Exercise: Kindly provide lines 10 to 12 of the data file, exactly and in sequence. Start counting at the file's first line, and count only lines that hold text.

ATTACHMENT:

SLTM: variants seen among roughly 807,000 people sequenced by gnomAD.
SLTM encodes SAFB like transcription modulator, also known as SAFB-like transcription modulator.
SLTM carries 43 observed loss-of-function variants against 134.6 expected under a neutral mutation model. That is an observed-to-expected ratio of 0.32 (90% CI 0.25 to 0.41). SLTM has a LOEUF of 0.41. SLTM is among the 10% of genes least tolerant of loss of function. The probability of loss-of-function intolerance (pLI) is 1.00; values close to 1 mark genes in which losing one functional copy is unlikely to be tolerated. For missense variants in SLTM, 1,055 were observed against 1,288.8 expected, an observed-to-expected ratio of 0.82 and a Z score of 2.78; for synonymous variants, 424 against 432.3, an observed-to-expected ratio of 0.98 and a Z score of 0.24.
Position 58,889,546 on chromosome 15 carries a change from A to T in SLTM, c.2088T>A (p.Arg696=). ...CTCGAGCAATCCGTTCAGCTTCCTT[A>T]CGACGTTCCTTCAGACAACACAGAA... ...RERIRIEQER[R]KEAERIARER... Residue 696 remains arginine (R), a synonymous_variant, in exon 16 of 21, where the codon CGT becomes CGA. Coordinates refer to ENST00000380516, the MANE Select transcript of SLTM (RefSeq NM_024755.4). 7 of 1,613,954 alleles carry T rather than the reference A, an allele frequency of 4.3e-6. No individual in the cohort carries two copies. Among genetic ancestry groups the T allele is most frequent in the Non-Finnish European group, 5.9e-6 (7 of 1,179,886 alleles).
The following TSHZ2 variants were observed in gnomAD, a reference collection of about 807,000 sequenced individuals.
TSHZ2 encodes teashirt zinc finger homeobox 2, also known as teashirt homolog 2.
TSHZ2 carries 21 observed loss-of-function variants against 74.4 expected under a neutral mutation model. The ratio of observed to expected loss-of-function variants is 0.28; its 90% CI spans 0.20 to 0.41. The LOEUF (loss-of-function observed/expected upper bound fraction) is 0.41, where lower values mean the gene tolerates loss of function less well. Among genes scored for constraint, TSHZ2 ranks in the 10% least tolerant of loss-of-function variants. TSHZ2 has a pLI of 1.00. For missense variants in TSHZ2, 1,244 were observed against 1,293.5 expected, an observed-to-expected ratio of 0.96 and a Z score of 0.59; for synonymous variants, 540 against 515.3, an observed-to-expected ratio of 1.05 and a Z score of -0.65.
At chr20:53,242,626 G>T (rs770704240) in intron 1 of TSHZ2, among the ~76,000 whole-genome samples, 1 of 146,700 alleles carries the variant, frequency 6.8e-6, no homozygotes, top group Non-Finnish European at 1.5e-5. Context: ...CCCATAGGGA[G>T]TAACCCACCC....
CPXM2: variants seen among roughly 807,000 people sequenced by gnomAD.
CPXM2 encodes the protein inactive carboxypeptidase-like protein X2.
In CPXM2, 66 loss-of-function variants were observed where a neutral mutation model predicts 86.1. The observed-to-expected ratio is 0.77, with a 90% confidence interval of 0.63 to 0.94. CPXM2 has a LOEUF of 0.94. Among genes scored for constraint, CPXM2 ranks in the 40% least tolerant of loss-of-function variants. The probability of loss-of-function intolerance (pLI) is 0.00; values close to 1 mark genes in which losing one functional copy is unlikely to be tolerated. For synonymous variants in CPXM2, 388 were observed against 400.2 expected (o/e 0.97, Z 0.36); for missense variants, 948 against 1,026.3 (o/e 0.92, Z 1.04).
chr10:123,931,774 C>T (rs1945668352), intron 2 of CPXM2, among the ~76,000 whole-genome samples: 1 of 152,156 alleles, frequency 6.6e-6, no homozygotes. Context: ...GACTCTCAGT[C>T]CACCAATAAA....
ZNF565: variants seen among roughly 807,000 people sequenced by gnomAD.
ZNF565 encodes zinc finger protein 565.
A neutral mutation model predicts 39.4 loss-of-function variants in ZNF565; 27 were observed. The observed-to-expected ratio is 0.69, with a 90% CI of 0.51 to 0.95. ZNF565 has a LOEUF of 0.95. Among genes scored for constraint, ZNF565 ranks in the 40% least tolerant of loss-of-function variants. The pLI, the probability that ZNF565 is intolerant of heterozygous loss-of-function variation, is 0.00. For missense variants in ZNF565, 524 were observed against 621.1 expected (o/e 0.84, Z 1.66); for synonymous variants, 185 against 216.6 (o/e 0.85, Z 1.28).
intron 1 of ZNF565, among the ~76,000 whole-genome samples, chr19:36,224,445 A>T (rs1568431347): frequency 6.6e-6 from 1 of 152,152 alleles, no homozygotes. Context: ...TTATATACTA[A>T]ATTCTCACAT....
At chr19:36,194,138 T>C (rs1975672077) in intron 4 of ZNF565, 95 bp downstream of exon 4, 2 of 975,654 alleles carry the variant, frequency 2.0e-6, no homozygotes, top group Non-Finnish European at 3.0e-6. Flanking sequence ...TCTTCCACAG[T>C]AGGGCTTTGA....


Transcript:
CPXM2 encodes the protein inactive carboxypeptidase-like protein X2.
In CPXM2, 66 loss-of-function variants were observed where a neutral mutation model predicts 86.1. The observed-to-expected ratio is 0.77, with a 90% confidence interval of 0.63 to 0.94. CPXM2 has a LOEUF of 0.94. Among genes scored for constraint, CPXM2 ranks in the 40% least tolerant of loss-of-function variants. The probability of loss-of-function intolerance (pLI) is 0.00; values close to 1 mark genes in which losing one functional copy is unlikely to be tolerated. For synonymous variants in CPXM2, 388 were observed against 400.2 expected (o/e 0.97, Z 0.36); for missense variants, 948 against 1,026.3 (o/e 0.92, Z 1.04).
chr10:123,931,774 C>T (rs1945668352), intron 2 of CPXM2, among the ~76,000 whole-genome samples: 1 of 152,156 alleles, frequency 6.6e-6, no homozygotes. Context: ...GACTCTCAGT[C>T]CACCAATAAA....